Publications

December 21, 2020

Sustaining culture and the arts

Over the past few years, the cultural sector was living through a revival phase. Buoyed by the increased tourism flows; performances, cultural events and music shows and events, where also becoming a tourism niche in their own right. Then the pandemic hit, and the tourism sector and cultural sector came crashing to a grinding halt.

 

Along with the tourism sector, the cultural and creative sectors are among the most affected by the current crisis across the globe. The venue-based sectors including museums, performing arts, and others are the hardest hit by social distancing measures. The abrupt drop in revenues puts their financial sustainability at risk and has resulted in reduced wage earnings and lay-offs with repercussions along the value chain of their suppliers. Cultural and creative sectors are largely composed of micro-firms, non-profit organisations and creative professionals, often operating on the margins of financial sustainability. The reduced subventions from the private sector can prove to be catastrophic for some entities and museums unless the Government intervenes.

 

The effects of the crisis will affect the production of cultural goods and services in the months, if not years, to come. Over the medium term, the anticipated lower levels of international tourism, drop in purchasing power, and reductions of private funding for arts and culture could magnify this negative trend even further. In the absence of responsive public and private support, the possible downsizing of cultural and creative sectors will have a negative impact on the broader society, not only just in terms of jobs and value-added but also on levels of innovation, citizen well-being and the product offering of the Maltese islands.

 

Going forward, it will be critical to consider cultural and creative sectors as well as cultural participation as a key economic driver in its own right with linkages to the broader economy. The sector is already an economic driver and source of innovation.The cultural and creative sectors can in fact play an important role in innovation throughout the economy especially if economic sectors are seen as clusters and ecosystems rather than silos. In fact, public and private support to these sectors is more effective when taking into account the strategic inter-relationships across sub-sectors that come together in an ecosystem. For example, the relationship between the creative sectors and the educational system is likely to be further reinforced by the acceleration of digitalisation processes in both spheres. This strengthened relationship will likely generate important knowledge and technology transfers across the two spheres. The strategic complementarities between the creative, cultural and the educational sectors will not only be essential for the development of new forms of digital edutainment and gamification but also for digital creation and curation of content. Moreover, these sectors are a prime field of development and experimentation of emerging technologies such as augmented and enriched reality, the Internet of Things and artificial intelligence which can complement other economic sectors including online gaming and other ICT related sectors.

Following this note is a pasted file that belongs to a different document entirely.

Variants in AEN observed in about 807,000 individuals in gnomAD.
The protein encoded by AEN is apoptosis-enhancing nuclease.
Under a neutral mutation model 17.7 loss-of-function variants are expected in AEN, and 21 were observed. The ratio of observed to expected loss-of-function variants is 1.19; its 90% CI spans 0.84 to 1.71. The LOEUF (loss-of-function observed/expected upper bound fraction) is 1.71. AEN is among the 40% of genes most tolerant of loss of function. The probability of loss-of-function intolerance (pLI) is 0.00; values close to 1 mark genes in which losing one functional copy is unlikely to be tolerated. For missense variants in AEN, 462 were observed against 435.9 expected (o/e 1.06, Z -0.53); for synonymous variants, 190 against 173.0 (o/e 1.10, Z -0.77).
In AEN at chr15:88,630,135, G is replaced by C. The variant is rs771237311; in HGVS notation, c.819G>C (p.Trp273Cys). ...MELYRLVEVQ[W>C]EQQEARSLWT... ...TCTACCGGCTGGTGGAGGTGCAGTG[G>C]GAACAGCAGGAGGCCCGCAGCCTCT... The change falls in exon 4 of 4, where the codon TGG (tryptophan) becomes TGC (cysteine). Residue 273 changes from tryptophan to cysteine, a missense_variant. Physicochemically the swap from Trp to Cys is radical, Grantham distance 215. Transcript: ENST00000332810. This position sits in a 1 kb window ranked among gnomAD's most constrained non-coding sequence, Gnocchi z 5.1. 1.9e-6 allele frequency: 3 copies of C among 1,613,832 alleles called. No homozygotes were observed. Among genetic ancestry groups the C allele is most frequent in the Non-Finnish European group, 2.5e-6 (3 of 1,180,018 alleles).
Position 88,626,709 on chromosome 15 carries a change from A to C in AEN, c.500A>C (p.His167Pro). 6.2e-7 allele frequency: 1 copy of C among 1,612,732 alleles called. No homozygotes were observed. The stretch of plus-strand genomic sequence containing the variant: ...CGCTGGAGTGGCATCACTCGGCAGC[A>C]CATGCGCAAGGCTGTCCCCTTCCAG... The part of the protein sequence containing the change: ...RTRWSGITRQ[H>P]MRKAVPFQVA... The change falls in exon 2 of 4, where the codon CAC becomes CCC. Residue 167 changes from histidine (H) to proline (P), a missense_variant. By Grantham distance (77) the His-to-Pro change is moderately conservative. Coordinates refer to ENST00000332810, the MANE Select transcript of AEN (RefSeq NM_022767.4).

As we look forward to 2021 and the resumption of travelling and tourism, there is an opportunity for new models of more sustainable cultural tourism going forward which are more niche, resilient and less potentially more value-adding. Here the business models would focus on longer and repeat stays rather than on very high volumes of short visits. This new trend will require additional investments in tourist attractions including efforts to expand the nature of cultural experiences, the digital training of local guides and service providers, and the creation of digital narratives that complement traditional physical experiences. As Malta draws up its revised tourism strategy, the role of creative and cultural tourism needs to be deeply embedded within this.

 

To shape better policies, national and local governments need more and better evidence on the economic and social impact of cultural and creative sectors. Despite the increased awareness of the role of culture and creativity for development, much can still be done to improve and mainstream across policy areas. Looking ahead, culture needs to be part of recovery strategies in particular through place-based and people-based policies together with the right infrastructural support.

 

The article first appeared in The Sunday Times.

 

JP Fabri is a co-founding partner of Seed Consultancy.

Skip to content